Date of Award


Document Type

Open Access



First Advisor

Kathryn Feller




Locust, latch mediated spring actuated, locust jump, movement control, jumping insects.


During the adult reproductive stage, female locusts (Schistocerca americana) experience multiple ovigerous cycles during which they undergo significant weight gain. The magnitude of their weight change is thought to negatively impact the kinematics of the locust jump during the gravid phase. We hypothesized that this decrease in performance would result in an evolutionary pressure for female locusts to develop an intrinsic means to detect increases in body mass and respond with a modulation in their movement. Based on this hypothesis, we predicted that the female locusts would display a consistent jump performance in response to weight change, facilitated by a change in the contraction time of their extensor tibiae muscles. Conversely, this type of control is not expected in male locusts since they do not experience the same cycles of weight. These predictions were tested using an artificial weight gain system to induce weight gains similar to natural changes. Simultaneous high-speed video capture (1500 frames per second) and bilateral electromyogram (EMG) recordings were obtained from nine female and five male locusts during evoked escape jumps. Multiple jumps were recorded for each individual, corresponding to different artificial weight gain conditions. The peak angular velocity of the jumping legs was calculated using position tracking software (DeepLabCut) and subsequent kinematic analysis of the leg rotation using custom scripts in R. Contraction time was calculated from the extensor tibiae muscle EMG recordings. Female and male locusts maintained consistent peak angular velocity during extensions of their jumping legs in response to weight gain, indicating that both sexes modulate jump performance for different body masses. Furthermore, both sexes displayed increased contraction times for small weight increases, but contraction times for large weight increases were comparable to those of their natural body mass.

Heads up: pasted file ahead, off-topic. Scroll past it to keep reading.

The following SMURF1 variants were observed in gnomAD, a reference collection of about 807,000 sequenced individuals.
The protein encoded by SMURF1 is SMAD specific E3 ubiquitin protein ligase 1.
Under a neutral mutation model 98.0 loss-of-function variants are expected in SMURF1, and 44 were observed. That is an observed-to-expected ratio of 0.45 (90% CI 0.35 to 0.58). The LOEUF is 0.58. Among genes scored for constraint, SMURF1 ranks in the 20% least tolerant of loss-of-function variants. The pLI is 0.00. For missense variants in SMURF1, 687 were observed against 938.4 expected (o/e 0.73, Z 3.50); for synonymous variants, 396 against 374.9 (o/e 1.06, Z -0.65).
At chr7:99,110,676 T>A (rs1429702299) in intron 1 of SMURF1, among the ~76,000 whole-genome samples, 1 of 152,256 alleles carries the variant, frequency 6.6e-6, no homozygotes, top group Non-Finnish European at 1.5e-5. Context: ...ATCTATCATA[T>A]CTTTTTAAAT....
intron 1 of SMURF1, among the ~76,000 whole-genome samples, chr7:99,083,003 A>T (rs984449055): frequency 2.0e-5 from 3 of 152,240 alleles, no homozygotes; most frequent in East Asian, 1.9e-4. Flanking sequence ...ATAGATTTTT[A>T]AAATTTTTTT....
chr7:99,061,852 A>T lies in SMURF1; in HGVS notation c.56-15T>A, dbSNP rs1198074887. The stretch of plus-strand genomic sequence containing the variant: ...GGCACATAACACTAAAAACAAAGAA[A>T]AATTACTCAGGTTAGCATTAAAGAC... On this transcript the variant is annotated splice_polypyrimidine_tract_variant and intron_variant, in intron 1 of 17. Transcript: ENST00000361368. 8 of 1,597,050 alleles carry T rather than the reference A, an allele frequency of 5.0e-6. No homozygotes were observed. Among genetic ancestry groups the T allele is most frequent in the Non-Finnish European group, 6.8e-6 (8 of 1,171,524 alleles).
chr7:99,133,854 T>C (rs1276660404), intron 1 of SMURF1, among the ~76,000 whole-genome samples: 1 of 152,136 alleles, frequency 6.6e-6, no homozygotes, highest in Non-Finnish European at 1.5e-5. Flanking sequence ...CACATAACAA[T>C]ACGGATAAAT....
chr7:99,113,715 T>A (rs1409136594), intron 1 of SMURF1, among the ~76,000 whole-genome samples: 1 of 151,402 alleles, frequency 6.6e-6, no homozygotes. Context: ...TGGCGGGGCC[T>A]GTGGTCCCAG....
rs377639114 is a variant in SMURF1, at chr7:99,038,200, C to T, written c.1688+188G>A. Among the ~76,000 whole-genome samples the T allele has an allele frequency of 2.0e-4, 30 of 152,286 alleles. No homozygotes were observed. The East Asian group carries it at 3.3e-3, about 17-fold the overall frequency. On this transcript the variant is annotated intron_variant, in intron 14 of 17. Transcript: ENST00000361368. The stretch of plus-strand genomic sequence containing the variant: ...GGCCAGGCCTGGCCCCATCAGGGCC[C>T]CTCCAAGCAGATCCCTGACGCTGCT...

Rights Statement

In Copyright - Educational Use Permitted.